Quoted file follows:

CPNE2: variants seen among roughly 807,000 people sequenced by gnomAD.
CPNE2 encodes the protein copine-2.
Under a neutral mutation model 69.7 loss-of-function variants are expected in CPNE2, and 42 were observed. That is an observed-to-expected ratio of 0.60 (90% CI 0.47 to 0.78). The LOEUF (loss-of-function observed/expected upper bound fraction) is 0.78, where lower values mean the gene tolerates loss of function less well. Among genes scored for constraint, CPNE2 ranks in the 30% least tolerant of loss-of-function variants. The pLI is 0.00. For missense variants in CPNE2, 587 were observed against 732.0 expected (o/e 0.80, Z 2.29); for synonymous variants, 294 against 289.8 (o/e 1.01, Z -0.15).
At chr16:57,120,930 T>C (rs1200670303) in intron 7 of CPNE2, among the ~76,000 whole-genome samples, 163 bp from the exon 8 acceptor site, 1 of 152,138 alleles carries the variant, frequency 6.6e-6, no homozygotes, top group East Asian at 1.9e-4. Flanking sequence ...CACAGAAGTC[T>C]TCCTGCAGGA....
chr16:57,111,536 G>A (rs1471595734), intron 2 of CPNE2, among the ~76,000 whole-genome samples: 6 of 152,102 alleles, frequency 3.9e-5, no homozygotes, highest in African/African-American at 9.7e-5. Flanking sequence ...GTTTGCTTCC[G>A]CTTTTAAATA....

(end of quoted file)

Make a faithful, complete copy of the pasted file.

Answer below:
CPNE2: variants seen among roughly 807,000 people sequenced by gnomAD.
CPNE2 encodes the protein copine-2.
Under a neutral mutation model 69.7 loss-of-function variants are expected in CPNE2, and 42 were observed. That is an observed-to-expected ratio of 0.60 (90% CI 0.47 to 0.78). The LOEUF (loss-of-function observed/expected upper bound fraction) is 0.78, where lower values mean the gene tolerates loss of function less well. Among genes scored for constraint, CPNE2 ranks in the 30% least tolerant of loss-of-function variants. The pLI is 0.00. For missense variants in CPNE2, 587 were observed against 732.0 expected (o/e 0.80, Z 2.29); for synonymous variants, 294 against 289.8 (o/e 1.01, Z -0.15).
At chr16:57,120,930 T>C (rs1200670303) in intron 7 of CPNE2, among the ~76,000 whole-genome samples, 163 bp from the exon 8 acceptor site, 1 of 152,138 alleles carries the variant, frequency 6.6e-6, no homozygotes, top group East Asian at 1.9e-4. Flanking sequence ...CACAGAAGTC[T>C]TCCTGCAGGA....
chr16:57,111,536 G>A (rs1471595734), intron 2 of CPNE2, among the ~76,000 whole-genome samples: 6 of 152,102 alleles, frequency 3.9e-5, no homozygotes, highest in African/African-American at 9.7e-5. Flanking sequence ...GTTTGCTTCC[G>A]CTTTTAAATA....